Scientists today presented provocative pre-clinical research results indicating that erectile dysfunction (ED) can be prevented following radical prostatectomy. The findings were announced at the Prostate Cancer Research Program?s (PCRP?s) Innovative Minds in Prostate Cancer Today (IMPaCT) conference in Orlando, Fla.?a gathering of the nation?s most prestigious scientists, clinicians, and consumer advocates in prostate cancer research.

ED is a major risk for men with prostate cancer who undergo radical prostatectomy, an operation to remove the prostate gland and some of the tissue around it. Many men may feel reluctant to undergo the surgery because there is such a high risk of ED.

?Our hope is that these PCRP-funded findings will help reduce the potential complications of prostate cancer treatment and improve survivor quality of life,? said Navy Captain Melissa Kaime, MD, Director of the Congressionally Directed Medical Research Programs (CDMRP), which supports the IMPaCT conference.

Damage to the cavernosal nerve, which innervates the penile smooth muscle and arteries responsible for penile erection, during radical prostatectomy causes the most prevalent form of ED, named corporal veno-occlusive dysfunction (CVOD), or venous leakage. Venous leakage ED occurs when the penile smooth muscle does not dilate sufficiently upon sexual stimulation to tightly compress the draining veins, and the blood that accumulates in the penis to induce the erection is not retained.

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Long-term daily administration of phosphodiesterase 5 inhibitors
Through several different lab-tested models that mimic risk factors for ED, scientists investigated damage to the cavernosal nerve in the laboratory rat to determine whether venous leakage caused by the procedure may be prevented by a long-term daily administration of phosphodiesterase 5 inhibitors (PDE5i). PDE5i are a class of drugs, such as the well-known Viagra, Cialis, or Levitra, which prevent the enzyme named PDE5 from destroying the compound cGMP. cGMP works to facilitate an erection by dilating the penile smooth muscle to permit great blood flow. The PDE5i class of drugs is currently used in the clinic to induce an erection on demand, but they are not aimed to cure ED.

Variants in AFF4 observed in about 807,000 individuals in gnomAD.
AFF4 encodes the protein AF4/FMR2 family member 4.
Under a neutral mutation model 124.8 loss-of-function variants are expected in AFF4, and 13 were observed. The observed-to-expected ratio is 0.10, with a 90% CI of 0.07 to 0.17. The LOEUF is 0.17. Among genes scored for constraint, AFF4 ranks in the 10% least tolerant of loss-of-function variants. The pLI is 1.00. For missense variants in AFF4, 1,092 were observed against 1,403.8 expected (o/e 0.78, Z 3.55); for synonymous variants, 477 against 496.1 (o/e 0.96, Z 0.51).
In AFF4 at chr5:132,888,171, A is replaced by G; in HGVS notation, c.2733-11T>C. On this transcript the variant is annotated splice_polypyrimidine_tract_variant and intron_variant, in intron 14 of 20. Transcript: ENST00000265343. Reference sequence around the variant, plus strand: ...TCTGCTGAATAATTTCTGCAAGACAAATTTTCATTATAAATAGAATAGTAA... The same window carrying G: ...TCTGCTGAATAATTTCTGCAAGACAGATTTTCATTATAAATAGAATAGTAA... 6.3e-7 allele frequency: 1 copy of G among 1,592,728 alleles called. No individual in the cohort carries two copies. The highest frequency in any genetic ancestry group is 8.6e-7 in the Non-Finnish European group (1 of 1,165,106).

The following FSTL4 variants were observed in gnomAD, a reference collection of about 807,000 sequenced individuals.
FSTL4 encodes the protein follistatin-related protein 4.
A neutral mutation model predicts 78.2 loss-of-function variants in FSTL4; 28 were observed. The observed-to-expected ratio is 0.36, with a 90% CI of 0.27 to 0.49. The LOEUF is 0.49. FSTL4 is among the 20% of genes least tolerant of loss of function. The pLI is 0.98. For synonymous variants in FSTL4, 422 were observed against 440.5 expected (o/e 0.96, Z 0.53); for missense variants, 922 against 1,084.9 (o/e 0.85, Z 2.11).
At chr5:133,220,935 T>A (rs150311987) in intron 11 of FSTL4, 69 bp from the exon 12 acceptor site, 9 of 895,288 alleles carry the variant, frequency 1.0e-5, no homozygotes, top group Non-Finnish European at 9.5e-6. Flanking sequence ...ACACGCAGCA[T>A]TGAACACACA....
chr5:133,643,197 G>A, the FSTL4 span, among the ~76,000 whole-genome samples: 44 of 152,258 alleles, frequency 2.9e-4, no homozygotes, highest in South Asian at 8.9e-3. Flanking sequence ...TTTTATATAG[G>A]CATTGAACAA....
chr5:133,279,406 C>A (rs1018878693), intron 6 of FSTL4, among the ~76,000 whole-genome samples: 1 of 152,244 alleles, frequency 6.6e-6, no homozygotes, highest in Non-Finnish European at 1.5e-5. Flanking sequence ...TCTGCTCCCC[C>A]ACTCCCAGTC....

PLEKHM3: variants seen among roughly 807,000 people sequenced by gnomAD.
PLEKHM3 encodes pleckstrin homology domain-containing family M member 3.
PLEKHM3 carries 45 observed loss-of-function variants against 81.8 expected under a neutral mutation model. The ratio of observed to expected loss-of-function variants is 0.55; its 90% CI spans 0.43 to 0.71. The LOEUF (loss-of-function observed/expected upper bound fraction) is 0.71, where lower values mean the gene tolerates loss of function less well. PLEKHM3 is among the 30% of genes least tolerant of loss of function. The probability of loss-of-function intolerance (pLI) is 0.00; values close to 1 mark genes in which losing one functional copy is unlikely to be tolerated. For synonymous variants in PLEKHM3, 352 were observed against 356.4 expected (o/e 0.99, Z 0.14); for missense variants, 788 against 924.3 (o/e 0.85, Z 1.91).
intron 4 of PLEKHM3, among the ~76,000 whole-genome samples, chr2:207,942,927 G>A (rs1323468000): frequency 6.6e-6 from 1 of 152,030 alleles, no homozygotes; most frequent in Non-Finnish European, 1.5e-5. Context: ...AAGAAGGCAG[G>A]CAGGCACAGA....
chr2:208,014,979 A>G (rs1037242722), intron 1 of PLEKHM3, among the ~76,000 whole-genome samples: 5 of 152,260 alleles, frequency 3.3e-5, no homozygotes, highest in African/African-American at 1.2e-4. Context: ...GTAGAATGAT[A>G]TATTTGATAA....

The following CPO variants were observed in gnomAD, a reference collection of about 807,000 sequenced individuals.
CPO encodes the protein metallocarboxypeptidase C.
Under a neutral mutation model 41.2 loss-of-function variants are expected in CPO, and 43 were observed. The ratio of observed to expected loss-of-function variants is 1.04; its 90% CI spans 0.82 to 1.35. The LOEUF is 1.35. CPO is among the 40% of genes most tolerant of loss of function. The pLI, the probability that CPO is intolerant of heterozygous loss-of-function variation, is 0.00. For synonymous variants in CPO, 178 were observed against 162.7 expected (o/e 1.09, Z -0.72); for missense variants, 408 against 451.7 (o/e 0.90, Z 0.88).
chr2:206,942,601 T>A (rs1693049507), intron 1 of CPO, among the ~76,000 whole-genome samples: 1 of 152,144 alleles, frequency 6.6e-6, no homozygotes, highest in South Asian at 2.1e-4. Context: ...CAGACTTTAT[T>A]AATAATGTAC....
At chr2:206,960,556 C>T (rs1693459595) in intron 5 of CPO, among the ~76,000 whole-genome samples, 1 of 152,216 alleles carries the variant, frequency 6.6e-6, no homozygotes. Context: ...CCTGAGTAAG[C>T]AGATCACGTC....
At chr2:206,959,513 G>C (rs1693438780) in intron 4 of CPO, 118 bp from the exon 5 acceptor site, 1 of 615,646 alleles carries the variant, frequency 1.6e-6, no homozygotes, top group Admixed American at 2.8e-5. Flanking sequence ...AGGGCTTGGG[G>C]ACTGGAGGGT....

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Additionally, researchers worked to determine whether administering generators of nitric oxide, which mediates penile erection by causing the production of cGMP, alone and in combination with muscle-derived stem cells (MDSC) might prevent ED. These stem cells may help the regeneration of the penile smooth muscle that is partially lost due to the nerve damage.

Early long-term continuous treatment
Investigators concluded in an animal model that an early long-term continuous treatment with PDE5i, as opposed to current on-demand regimens, have a high probability of preventing the occurrence of ED after cavernosal nerve damage because it protects the penile smooth muscle. Results also showed that MDSC prevented CVOD, although this effect was independent of stimulation by treatment with nitric oxide generators.

‘Penile rehabilitation’
?Our results provide a scientific basis and support for the emerging clinical interest in preventing or ?curing? ED with a long-term sustained use of PDE5i before or after radical prostatectomy, rather than merely using them palliatively to facilitate an erection at will, in a modality called ?penile rehabilitation?,? said Nestor Gonzalez Cadavid, PhD and Professor of Medicine, Charles R. Drew University of Medicine and Science. ?As recently reported in several publications from our group, mainly funded by PCRP, dilation of the penile smooth muscle is the mechanism of this long-term action that protects the penile smooth muscle and avoids tissue fibrosis. This is different from the mechanism that induces an erection at will, which is currently the main reason for prescribing PDE5i for ED.?

Dr. Gonzalez-Cadavid emphasized that this can only be translated to patient treatment if the concept is proven in ongoing clinical trials, and if so, it should be supervised by a physician. The use of stem cells alone or in combination with PDE5i is promising in experimental animals, but its clinical application may be more remote.

In addition to this study, the IMPaCT conference provides a broad overview of the field of prostate cancer research, while highlighting the important contributions that PCRP-funded investigators have made. The PCRP is committed to improving early detection and diagnosis, developing new and effective therapies and prognostic tools, and improving the quality of life for all persons affected by prostate cancer.

The study was conducted by researchers from University of California, Los Angeles, David Geffen School of Medicine, Los Angeles, Biomedical Research Institute at Harbor-UCLA Medical Center, and Charles R. Drew University of Medicine and Science.

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